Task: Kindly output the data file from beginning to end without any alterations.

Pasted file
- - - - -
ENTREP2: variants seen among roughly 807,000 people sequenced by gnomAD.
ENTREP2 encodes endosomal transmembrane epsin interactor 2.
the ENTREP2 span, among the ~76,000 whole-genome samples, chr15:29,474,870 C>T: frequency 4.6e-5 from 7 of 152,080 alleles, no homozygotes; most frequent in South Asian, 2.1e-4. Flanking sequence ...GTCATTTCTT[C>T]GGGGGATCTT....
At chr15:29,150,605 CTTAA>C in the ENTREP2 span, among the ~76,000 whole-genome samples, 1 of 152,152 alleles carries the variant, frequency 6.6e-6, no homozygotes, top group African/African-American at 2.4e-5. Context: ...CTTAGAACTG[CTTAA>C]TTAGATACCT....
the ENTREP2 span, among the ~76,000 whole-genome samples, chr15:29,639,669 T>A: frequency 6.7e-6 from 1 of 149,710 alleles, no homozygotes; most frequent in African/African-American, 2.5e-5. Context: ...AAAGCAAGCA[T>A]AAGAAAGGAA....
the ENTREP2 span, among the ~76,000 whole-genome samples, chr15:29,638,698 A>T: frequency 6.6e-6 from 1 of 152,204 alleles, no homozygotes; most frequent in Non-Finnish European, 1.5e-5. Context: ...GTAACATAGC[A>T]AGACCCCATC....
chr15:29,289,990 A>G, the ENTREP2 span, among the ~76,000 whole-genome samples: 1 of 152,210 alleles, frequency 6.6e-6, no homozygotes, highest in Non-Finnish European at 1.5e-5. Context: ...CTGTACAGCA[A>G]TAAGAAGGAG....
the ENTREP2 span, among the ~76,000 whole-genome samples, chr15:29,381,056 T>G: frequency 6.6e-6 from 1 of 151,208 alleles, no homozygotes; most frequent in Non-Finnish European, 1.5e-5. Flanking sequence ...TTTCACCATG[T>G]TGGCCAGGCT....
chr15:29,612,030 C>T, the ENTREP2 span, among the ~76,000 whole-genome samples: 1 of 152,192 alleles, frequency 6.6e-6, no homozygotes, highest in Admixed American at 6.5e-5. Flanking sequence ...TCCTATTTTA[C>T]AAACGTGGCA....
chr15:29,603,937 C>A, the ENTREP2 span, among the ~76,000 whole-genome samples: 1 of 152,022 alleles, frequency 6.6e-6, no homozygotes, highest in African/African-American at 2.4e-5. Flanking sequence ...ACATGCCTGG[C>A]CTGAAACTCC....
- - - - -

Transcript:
ENTREP2: variants seen among roughly 807,000 people sequenced by gnomAD.
ENTREP2 encodes endosomal transmembrane epsin interactor 2.
the ENTREP2 span, among the ~76,000 whole-genome samples, chr15:29,474,870 C>T: frequency 4.6e-5 from 7 of 152,080 alleles, no homozygotes; most frequent in South Asian, 2.1e-4. Flanking sequence ...GTCATTTCTT[C>T]GGGGGATCTT....
At chr15:29,150,605 CTTAA>C in the ENTREP2 span, among the ~76,000 whole-genome samples, 1 of 152,152 alleles carries the variant, frequency 6.6e-6, no homozygotes, top group African/African-American at 2.4e-5. Context: ...CTTAGAACTG[CTTAA>C]TTAGATACCT....
the ENTREP2 span, among the ~76,000 whole-genome samples, chr15:29,639,669 T>A: frequency 6.7e-6 from 1 of 149,710 alleles, no homozygotes; most frequent in African/African-American, 2.5e-5. Context: ...AAAGCAAGCA[T>A]AAGAAAGGAA....
the ENTREP2 span, among the ~76,000 whole-genome samples, chr15:29,638,698 A>T: frequency 6.6e-6 from 1 of 152,204 alleles, no homozygotes; most frequent in Non-Finnish European, 1.5e-5. Context: ...GTAACATAGC[A>T]AGACCCCATC....
chr15:29,289,990 A>G, the ENTREP2 span, among the ~76,000 whole-genome samples: 1 of 152,210 alleles, frequency 6.6e-6, no homozygotes, highest in Non-Finnish European at 1.5e-5. Context: ...CTGTACAGCA[A>G]TAAGAAGGAG....
the ENTREP2 span, among the ~76,000 whole-genome samples, chr15:29,381,056 T>G: frequency 6.6e-6 from 1 of 151,208 alleles, no homozygotes; most frequent in Non-Finnish European, 1.5e-5. Flanking sequence ...TTTCACCATG[T>G]TGGCCAGGCT....
chr15:29,612,030 C>T, the ENTREP2 span, among the ~76,000 whole-genome samples: 1 of 152,192 alleles, frequency 6.6e-6, no homozygotes, highest in Admixed American at 6.5e-5. Flanking sequence ...TCCTATTTTA[C>T]AAACGTGGCA....
chr15:29,603,937 C>A, the ENTREP2 span, among the ~76,000 whole-genome samples: 1 of 152,022 alleles, frequency 6.6e-6, no homozygotes, highest in African/African-American at 2.4e-5. Flanking sequence ...ACATGCCTGG[C>A]CTGAAACTCC....